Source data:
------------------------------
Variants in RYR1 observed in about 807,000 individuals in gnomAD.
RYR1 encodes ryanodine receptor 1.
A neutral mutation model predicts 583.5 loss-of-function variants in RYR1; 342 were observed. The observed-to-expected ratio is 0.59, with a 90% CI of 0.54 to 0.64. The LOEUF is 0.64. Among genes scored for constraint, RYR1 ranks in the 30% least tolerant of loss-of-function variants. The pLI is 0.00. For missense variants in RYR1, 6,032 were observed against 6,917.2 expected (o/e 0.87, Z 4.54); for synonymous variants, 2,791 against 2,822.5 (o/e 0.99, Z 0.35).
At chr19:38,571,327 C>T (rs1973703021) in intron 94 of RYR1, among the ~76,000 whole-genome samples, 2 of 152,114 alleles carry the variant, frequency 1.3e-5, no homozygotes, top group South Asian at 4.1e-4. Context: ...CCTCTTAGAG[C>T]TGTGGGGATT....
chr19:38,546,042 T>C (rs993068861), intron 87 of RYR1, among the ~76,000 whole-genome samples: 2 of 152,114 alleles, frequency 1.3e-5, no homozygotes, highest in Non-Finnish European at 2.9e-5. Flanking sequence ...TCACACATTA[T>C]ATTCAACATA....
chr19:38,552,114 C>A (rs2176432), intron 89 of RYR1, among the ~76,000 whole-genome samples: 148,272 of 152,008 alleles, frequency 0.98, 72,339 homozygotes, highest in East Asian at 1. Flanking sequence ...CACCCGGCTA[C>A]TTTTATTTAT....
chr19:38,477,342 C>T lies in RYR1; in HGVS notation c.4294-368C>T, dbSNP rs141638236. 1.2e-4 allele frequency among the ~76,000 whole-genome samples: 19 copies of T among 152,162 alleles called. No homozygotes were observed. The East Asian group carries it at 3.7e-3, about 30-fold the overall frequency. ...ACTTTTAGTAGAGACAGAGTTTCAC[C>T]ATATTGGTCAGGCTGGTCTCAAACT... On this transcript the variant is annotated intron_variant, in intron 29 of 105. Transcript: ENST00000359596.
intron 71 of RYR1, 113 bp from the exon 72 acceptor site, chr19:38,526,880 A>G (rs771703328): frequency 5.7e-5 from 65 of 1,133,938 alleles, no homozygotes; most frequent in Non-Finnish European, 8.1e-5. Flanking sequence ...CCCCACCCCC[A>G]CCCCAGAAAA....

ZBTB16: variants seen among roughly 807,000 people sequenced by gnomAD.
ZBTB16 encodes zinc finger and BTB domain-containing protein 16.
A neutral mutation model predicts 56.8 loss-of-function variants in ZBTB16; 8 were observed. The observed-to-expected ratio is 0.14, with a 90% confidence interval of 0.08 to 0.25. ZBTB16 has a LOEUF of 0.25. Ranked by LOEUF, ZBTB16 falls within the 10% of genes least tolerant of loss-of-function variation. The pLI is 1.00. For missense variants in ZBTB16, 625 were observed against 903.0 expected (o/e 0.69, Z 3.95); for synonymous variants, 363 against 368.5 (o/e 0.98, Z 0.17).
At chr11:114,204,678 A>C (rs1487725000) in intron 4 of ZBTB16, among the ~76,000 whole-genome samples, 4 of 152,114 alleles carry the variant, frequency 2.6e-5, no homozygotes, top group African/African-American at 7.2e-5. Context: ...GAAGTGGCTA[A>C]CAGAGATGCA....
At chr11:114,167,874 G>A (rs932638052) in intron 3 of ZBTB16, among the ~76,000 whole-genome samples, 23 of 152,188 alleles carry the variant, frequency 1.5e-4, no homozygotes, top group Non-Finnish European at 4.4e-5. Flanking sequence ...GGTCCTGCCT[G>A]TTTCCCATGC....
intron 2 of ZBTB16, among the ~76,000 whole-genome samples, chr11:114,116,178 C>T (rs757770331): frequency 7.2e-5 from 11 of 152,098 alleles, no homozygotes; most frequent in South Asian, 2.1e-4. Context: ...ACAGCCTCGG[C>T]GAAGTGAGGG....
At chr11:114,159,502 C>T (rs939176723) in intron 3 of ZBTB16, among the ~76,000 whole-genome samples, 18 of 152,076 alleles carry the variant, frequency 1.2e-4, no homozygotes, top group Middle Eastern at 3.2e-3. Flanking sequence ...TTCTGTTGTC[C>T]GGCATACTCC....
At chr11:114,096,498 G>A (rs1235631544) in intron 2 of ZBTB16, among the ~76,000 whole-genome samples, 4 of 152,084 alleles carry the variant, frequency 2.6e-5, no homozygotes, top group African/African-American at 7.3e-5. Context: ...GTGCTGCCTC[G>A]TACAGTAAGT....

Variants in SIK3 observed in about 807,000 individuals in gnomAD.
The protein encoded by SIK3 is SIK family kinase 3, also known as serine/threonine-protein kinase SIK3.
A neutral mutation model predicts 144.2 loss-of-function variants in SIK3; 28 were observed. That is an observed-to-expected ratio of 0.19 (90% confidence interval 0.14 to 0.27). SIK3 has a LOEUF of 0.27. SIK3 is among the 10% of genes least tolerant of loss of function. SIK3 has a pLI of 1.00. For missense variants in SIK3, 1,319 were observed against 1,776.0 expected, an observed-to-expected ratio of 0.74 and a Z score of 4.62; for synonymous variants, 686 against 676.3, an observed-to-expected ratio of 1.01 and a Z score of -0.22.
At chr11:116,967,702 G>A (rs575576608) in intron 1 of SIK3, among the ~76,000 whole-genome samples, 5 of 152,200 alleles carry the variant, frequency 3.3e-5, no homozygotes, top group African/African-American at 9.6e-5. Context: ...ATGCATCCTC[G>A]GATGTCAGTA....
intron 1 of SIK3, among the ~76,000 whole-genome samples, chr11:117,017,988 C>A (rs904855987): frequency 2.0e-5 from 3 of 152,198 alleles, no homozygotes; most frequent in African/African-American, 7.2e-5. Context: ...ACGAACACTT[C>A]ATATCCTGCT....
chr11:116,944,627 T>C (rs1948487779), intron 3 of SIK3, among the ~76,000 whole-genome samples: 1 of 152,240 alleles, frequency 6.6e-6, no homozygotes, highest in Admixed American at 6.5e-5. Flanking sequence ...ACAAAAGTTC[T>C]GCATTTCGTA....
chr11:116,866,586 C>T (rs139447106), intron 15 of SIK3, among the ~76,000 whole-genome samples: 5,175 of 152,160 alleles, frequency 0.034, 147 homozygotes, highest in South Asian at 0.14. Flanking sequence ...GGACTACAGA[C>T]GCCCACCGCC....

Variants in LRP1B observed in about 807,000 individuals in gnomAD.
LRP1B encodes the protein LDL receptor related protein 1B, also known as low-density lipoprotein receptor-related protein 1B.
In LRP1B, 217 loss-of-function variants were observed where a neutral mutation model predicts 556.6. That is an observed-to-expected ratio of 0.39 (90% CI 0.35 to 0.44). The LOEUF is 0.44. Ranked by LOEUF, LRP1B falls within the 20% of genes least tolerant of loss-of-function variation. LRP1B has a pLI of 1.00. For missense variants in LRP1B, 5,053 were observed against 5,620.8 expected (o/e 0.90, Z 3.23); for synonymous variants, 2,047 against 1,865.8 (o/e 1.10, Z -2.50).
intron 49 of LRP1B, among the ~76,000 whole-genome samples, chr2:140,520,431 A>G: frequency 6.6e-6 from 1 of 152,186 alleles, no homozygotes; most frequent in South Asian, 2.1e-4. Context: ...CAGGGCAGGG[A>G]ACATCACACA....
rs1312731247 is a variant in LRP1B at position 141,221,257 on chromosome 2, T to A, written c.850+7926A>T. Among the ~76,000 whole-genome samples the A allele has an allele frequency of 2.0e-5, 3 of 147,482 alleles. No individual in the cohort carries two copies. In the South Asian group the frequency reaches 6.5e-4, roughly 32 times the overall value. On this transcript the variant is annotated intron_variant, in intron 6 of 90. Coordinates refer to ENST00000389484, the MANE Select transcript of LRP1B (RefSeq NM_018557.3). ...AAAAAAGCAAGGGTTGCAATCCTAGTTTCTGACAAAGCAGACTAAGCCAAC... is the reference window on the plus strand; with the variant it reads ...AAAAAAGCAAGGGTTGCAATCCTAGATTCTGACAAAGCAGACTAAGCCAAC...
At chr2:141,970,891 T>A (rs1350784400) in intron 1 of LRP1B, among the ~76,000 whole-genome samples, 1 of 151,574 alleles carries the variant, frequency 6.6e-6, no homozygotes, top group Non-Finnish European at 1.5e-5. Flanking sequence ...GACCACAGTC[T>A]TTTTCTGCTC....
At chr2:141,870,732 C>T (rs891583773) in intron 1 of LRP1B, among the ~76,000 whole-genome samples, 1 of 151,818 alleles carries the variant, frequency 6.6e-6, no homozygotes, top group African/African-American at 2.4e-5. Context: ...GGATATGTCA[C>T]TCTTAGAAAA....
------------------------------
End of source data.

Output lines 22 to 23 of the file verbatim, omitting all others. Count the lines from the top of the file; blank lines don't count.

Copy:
chr11:116,944,627 T>C (rs1948487779), intron 3 of SIK3, among the ~76,000 whole-genome samples: 1 of 152,240 alleles, frequency 6.6e-6, no homozygotes, highest in Admixed American at 6.5e-5. Flanking sequence ...ACAAAAGTTC[T>C]GCATTTCGTA....
chr11:116,866,586 C>T (rs139447106), intron 15 of SIK3, among the ~76,000 whole-genome samples: 5,175 of 152,160 alleles, frequency 0.034, 147 homozygotes, highest in South Asian at 0.14. Flanking sequence ...GGACTACAGA[C>T]GCCCACCGCC....